Closeup of glaciers

    14. In the 1800s, dentures were made out of the real teeth of dead people. According to the BBC, "The prospect of thousands of British, French, and Prussian teeth — sitting in the mouths of recently-killed soldiers on the battlefield at Waterloo — was an attractive one for looters."

    Old dentures

    "They would have been shaped and sorted to make it look like each set of upper and lower front teeth had come from a single body. The sets would have been sold to early dental technicians who would boil them, chop off the ends, and then shape them onto ivory dentures."

    Old teeth

    15. Harvard has a century-old book that is actually covered in human skin. The title of the book from the 1880s is Des destinées de l’ame (The Destinies of the Soul), and in 2014, one of the university's curators confirmed that it's bound in human skin.

    Harvard campus

    According to the Verge, "The book has been sitting in Harvard's Houghton Library since the 1930s and has had a note inside it from the donor, who explains that he had the book bound in human skin."

    An old book

    16. This weird leaf someone found in their bag of spinach that looks like it'd really mess you up if you ate it:

    A thorny leaf

    17. Just last month, a 69-year-old man in Florida "plunged" to his death in someone's front yard while he was skydiving... And it was all caught on a surveillance camera from a neighbor's home.

    "69-Year-Old Man Killed in Skydiving Accident"

    The person whose yard he landed in, James Sconiers, told a local TV station that he went out to check on the man, but got no response. And another neighbor said, "I work in the medical field. That’s the worst I’ve ever seen."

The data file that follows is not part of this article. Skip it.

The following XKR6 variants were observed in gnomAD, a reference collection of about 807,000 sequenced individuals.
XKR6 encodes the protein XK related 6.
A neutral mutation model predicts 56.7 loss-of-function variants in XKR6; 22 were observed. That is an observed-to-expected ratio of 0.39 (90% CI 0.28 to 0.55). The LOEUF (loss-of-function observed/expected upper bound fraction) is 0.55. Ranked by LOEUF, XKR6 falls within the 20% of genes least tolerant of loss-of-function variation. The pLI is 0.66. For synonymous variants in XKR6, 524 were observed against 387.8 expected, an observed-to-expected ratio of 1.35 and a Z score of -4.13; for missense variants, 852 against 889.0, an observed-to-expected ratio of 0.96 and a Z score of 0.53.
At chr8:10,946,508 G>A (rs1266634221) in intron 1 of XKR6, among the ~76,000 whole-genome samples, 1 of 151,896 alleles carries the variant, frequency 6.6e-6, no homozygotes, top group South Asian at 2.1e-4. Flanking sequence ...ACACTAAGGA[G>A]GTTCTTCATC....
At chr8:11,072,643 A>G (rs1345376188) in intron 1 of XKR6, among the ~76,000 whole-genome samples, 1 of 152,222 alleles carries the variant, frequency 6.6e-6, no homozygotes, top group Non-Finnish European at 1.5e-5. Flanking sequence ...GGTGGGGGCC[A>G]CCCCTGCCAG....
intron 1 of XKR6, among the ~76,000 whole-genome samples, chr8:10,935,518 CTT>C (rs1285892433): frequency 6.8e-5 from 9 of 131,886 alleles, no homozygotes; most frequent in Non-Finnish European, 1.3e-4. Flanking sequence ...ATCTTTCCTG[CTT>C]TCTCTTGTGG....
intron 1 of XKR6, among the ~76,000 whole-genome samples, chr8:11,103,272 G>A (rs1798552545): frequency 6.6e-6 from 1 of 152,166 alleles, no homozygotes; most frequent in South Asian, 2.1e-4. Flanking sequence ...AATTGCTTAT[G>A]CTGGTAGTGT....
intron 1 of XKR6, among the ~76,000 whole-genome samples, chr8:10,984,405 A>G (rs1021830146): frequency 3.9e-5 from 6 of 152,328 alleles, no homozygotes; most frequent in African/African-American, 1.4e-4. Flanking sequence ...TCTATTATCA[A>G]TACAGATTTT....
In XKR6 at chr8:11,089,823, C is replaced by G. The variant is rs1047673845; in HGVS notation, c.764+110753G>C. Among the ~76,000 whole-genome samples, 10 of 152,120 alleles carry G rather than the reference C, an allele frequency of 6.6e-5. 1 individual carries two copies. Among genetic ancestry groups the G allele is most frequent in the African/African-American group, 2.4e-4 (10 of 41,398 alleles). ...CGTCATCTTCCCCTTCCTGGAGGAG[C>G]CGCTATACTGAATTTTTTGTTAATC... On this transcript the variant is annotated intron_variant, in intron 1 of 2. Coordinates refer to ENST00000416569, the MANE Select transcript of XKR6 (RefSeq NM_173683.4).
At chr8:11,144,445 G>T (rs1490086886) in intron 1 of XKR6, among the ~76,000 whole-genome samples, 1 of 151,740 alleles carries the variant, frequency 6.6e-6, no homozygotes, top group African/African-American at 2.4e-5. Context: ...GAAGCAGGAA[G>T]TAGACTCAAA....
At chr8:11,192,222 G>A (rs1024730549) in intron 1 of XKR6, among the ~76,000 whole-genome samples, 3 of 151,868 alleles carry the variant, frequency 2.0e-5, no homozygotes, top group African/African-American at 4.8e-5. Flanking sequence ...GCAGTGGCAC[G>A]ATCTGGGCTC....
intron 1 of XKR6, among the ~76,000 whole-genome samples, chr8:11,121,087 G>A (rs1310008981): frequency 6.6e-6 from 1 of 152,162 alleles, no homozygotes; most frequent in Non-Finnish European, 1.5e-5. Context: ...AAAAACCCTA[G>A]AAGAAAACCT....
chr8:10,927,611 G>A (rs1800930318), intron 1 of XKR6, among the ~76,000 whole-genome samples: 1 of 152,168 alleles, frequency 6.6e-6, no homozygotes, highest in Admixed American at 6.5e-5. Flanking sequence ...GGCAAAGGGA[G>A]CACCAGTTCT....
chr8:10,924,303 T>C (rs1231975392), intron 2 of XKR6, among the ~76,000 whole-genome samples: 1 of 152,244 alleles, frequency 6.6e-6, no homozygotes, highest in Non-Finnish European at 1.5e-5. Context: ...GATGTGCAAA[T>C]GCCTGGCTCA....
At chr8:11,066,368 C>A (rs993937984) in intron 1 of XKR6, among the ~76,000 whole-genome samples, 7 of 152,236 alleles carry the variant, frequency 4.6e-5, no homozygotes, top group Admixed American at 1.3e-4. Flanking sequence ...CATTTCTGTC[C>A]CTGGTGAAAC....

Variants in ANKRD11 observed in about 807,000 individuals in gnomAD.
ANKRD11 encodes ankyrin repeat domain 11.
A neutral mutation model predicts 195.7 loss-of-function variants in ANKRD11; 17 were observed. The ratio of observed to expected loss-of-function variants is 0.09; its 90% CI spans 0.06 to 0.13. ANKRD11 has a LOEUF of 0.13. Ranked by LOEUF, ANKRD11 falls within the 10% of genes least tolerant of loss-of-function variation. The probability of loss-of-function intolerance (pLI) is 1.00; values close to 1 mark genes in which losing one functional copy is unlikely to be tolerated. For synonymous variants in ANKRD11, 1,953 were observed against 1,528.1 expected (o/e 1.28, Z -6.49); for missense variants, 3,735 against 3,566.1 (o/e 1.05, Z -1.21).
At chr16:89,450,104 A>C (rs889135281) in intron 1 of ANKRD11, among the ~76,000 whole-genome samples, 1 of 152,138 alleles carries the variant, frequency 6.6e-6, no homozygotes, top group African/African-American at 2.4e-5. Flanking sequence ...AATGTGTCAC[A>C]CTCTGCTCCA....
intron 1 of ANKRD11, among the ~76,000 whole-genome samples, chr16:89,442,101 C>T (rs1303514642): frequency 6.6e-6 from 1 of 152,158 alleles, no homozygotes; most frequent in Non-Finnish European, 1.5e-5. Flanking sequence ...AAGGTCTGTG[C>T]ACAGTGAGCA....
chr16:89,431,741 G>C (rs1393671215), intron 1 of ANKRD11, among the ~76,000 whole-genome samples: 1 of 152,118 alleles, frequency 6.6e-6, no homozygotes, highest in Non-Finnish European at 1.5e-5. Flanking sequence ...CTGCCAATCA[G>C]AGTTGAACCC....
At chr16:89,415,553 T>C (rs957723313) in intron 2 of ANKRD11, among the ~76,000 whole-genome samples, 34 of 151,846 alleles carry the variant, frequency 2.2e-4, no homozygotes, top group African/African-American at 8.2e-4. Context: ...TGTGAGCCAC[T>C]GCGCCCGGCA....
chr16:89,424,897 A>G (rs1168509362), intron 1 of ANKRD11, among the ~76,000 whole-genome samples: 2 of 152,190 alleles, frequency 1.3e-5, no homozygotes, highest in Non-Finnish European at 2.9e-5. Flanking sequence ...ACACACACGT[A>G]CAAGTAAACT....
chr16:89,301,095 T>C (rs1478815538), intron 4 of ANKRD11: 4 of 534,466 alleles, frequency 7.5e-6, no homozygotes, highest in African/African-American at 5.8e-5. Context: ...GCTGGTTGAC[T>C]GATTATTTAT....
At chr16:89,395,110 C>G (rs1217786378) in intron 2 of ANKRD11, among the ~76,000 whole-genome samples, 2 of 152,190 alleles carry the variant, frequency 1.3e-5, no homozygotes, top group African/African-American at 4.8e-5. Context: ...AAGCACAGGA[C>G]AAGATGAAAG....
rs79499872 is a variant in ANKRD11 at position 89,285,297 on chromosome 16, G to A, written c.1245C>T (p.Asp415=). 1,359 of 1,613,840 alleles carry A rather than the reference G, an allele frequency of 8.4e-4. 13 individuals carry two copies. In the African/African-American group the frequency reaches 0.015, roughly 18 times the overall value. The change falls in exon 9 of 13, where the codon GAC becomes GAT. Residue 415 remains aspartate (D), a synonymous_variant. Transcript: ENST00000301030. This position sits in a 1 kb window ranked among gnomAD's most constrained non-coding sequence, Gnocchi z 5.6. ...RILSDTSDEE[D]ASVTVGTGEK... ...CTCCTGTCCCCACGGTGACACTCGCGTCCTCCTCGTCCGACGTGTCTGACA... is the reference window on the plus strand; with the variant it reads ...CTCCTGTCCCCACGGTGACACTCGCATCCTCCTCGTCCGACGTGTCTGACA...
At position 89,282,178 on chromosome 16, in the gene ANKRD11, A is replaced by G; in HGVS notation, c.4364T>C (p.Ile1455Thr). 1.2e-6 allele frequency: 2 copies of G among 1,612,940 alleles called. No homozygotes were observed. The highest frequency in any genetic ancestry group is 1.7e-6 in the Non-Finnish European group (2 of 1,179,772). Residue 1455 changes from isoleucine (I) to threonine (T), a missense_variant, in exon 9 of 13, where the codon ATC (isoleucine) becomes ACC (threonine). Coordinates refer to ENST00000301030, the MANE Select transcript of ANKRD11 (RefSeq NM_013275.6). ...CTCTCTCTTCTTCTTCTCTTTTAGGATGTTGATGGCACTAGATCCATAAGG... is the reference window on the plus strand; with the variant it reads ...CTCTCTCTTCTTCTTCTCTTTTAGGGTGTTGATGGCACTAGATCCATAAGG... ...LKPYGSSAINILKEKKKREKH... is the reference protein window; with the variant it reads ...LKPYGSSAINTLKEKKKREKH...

"69-Year-Old Man Killed in Skydiving Accident"

    18. This photo of the skeleton of a puffer fish, which is as equally fascinating as it is scary:

    a puffer fish skeleton

    19. Finally, apparently snails are one of the world's most deadly creatures — more deadly than sharks, lions, and wolves combined. The reason? They carry a parasitic disease called schistosomiasis, which is responsible for more than 200,000 deaths a year.

    Closeup of a snail

    According to Susanne Sokolow, a disease ecologist at Stanford University's Hopkins Marine Station, “You do contract it from just wading, swimming, entering the water in any way, and the parasites basically exit the snails into the water and seek you. And they penetrate right through your skin, migrate through your body, end up in your blood vessels where they can live for many years, even decades. It's not the worms that actually cause disease to people, it's the eggs. And those eggs have sharp barbs because they eventually need to make it back out of the human body and back into the water and find that there are snails that they need to complete their reproduction cycle. And so those eggs can lodge in different tissues and cause severe symptoms ranging from anemia and fatigue, all the way to various severe symptoms, even death in about 10 percent of chronic cases.”